LAC Peer Mentoring

The Liberal Arts Core (LAC) Peer Mentor program places current successful UNC Asheville students in LA 178 course. Peer Mentors show new students what it takes to succeed at UNC Asheville and present positive examples of academic integrity, academic success skills (time management, study skills, etc), responsible student decision-making, and balanced extra-curricular involvement.

Becoming a LAC Mentor

How do students get to be mentors?

Students can apply to be mentors in 1 of 3 ways:

  1. An LAC instructor identifies a student as a good match for them and their LA 178 course and encourages the student to apply.
  2. A student identifies a particular LA 178 course or instructor and approaches them to see if the instructor would like them to serve as their Peer Mentor.
  3. A student expresses interest in the Peer Mentor program to the Program Coordinator, who contacts the LA 178 faculty that don't already have a Peer Mentor and asks them to consider working with the interested student.

Can students mentor in a different LA 178 than the one they took as a new student?

Students are welcome to Peer Mentor in classes they have not taken themselves. It will be up to you and your Peer Mentor to decide how in-depth their understanding of your LA 178 topic should be.

Do Peer Mentors register for the LA 178 course they're working in?

No. Peer Mentors have already taken their LA 178 (or LSIC 179) course, and students cannot get credit for more than 1 LA 178 course. In addition, Peer Mentors would have to confront some difficult ethical questions if they were receiving academic credit for a course in which were also helping other students edit papers, study for exams, and design projects.

Do Peer Mentors get training?

Yes. Mentors will meet with the Program Coordinator at the beginning of the semester to review fundamentals of peer leadership, important information about campus resources, academic policies, academic success skills, and scholarly information about the college student experience.  Mentors will also participate in exercises to improve their skills in peer mentoring and leadership and developing strong relationships with faculty and students.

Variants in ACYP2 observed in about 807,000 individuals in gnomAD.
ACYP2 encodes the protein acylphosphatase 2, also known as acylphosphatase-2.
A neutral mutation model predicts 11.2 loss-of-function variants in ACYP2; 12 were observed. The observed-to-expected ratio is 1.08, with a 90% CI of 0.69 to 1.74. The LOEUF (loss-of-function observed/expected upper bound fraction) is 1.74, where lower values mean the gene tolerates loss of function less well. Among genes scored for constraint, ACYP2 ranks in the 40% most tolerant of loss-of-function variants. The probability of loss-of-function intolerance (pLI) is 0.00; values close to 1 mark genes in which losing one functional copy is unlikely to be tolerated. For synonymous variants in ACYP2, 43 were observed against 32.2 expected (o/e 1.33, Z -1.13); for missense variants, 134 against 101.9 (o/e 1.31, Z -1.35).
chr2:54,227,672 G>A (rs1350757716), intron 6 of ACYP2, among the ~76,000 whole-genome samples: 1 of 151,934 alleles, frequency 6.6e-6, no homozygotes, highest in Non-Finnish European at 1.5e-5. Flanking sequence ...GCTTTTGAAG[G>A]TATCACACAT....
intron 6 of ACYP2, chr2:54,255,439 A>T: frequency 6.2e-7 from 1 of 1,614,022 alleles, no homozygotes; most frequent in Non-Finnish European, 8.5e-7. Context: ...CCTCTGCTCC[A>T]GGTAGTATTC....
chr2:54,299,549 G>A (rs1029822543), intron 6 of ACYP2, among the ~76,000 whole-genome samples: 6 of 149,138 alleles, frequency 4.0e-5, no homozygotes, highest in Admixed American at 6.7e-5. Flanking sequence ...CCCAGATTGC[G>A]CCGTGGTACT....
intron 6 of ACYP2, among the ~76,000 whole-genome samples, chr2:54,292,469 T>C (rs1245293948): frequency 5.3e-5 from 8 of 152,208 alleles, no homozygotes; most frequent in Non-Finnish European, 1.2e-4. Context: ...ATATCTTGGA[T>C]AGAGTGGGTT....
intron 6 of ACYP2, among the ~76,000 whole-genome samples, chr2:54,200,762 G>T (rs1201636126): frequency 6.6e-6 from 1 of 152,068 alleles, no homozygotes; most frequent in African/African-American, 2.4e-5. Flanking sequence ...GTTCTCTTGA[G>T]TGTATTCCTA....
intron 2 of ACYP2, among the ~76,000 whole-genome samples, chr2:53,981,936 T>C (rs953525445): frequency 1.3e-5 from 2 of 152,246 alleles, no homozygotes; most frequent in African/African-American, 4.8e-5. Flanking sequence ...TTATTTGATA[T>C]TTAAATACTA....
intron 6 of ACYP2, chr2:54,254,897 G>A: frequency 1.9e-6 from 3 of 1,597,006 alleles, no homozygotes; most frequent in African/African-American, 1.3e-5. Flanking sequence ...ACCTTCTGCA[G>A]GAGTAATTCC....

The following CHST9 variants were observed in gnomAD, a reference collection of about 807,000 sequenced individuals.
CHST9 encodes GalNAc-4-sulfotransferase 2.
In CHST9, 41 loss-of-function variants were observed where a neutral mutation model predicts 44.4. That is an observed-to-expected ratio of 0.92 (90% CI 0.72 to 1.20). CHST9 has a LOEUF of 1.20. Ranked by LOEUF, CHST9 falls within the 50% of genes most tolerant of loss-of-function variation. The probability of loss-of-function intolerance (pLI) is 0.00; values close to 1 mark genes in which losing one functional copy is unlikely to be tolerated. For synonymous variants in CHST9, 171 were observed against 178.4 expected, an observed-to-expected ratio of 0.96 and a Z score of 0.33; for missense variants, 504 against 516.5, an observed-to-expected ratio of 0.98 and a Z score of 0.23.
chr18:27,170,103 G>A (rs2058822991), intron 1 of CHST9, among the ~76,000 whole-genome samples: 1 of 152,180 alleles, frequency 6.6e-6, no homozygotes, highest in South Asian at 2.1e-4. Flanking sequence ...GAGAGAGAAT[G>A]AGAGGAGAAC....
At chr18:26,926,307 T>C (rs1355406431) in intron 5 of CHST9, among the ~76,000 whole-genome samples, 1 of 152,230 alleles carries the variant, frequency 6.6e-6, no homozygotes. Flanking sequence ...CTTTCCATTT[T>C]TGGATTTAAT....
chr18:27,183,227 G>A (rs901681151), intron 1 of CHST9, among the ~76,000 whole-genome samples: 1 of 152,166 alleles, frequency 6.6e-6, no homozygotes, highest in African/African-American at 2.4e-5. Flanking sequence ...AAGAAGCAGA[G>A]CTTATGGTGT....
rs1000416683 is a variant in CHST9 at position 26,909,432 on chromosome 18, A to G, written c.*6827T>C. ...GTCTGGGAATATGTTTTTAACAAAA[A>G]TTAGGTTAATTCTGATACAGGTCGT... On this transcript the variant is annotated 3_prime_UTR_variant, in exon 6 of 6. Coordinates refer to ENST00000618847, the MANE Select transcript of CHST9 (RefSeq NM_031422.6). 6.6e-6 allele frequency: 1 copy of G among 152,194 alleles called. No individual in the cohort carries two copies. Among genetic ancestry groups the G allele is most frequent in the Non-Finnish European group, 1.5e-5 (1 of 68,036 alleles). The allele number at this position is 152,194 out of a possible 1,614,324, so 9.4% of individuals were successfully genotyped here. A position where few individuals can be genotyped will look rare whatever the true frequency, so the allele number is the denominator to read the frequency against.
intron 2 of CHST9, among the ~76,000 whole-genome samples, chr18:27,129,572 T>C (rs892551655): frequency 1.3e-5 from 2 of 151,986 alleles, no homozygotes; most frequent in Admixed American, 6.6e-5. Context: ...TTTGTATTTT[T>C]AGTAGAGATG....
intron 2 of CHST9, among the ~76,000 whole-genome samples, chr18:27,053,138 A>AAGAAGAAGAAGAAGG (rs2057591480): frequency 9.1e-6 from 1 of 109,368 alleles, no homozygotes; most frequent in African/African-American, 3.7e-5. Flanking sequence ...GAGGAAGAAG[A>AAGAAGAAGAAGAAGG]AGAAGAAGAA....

How many hours a week do Peer Mentors work?

Peer Mentors should be able to devote about 5-7 hours/week to the experience. While the exact amount of time needed will depend on your agreement with your Peer Mentor, they should plan to spend (on average):

  • 3 hrs/week in the LA 178 course
  • 1-2 hrs/week staying on top of the academic work in the LA 178 course
  • 1-2 hrs/week talking with students outside of class/planning extra-curricular activities/meeting with you, etc.
  • Peer Mentors will also meet periodically throughout the semester with the Program Coordinator.

Some Peer Mentors spend much more time than this, but 5-7 hours/weeks is a good starting point.

What do Peer Mentors receive for compensation?

Peer Mentors receive a $350 stipend at the end of their experience, provided that they satisfactorily meet your expectations. Instructors should provide Peer Mentor with a textbook that the Peer Mentor will return at the end of the semester.

Can students serve as Peer Mentors more than once?

Yes! A mentor's second experience can be with the same instructor as their first, or they can work with a different instructor.

What do LAC Peer Mentors do?

  • Work both in and out of the classroom to guide students through issues such as academic decision-making, time management, study skills, major exploration, campus issues, and adjustment difficulties
  • Assist LA 178 instructor in designing class activities and assignments
  • Help facilitate in-class discussions
  • Work with students experiencing difficulty in the LA 178 course
  • Organize extra-curricular social and academic activities
  • Serve as an additional point of contact for students outside of class